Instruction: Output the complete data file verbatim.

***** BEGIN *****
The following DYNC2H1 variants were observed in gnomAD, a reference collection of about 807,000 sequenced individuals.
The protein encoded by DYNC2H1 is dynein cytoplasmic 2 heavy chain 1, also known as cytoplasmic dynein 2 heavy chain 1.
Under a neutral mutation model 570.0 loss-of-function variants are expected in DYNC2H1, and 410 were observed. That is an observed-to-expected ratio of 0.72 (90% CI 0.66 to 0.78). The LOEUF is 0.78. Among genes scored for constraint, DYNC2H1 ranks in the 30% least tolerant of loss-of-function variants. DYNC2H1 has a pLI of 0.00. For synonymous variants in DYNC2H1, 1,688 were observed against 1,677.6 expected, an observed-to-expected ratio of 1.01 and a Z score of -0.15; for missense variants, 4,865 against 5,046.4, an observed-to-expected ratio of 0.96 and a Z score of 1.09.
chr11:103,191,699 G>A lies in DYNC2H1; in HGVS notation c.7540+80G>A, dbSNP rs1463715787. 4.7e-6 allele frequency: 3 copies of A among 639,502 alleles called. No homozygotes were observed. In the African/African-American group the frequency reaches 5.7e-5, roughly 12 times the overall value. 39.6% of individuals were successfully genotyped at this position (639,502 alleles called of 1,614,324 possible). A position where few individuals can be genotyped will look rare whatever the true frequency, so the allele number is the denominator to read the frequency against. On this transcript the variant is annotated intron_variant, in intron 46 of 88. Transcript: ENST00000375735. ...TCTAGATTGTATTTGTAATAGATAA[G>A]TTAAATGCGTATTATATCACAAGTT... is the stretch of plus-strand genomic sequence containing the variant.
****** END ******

The following DYNC2H1 variants were observed in gnomAD, a reference collection of about 807,000 sequenced individuals.
The protein encoded by DYNC2H1 is dynein cytoplasmic 2 heavy chain 1, also known as cytoplasmic dynein 2 heavy chain 1.
Under a neutral mutation model 570.0 loss-of-function variants are expected in DYNC2H1, and 410 were observed. That is an observed-to-expected ratio of 0.72 (90% CI 0.66 to 0.78). The LOEUF is 0.78. Among genes scored for constraint, DYNC2H1 ranks in the 30% least tolerant of loss-of-function variants. DYNC2H1 has a pLI of 0.00. For synonymous variants in DYNC2H1, 1,688 were observed against 1,677.6 expected, an observed-to-expected ratio of 1.01 and a Z score of -0.15; for missense variants, 4,865 against 5,046.4, an observed-to-expected ratio of 0.96 and a Z score of 1.09.
chr11:103,191,699 G>A lies in DYNC2H1; in HGVS notation c.7540+80G>A, dbSNP rs1463715787. 4.7e-6 allele frequency: 3 copies of A among 639,502 alleles called. No homozygotes were observed. In the African/African-American group the frequency reaches 5.7e-5, roughly 12 times the overall value. 39.6% of individuals were successfully genotyped at this position (639,502 alleles called of 1,614,324 possible). A position where few individuals can be genotyped will look rare whatever the true frequency, so the allele number is the denominator to read the frequency against. On this transcript the variant is annotated intron_variant, in intron 46 of 88. Transcript: ENST00000375735. ...TCTAGATTGTATTTGTAATAGATAA[G>A]TTAAATGCGTATTATATCACAAGTT... is the stretch of plus-strand genomic sequence containing the variant.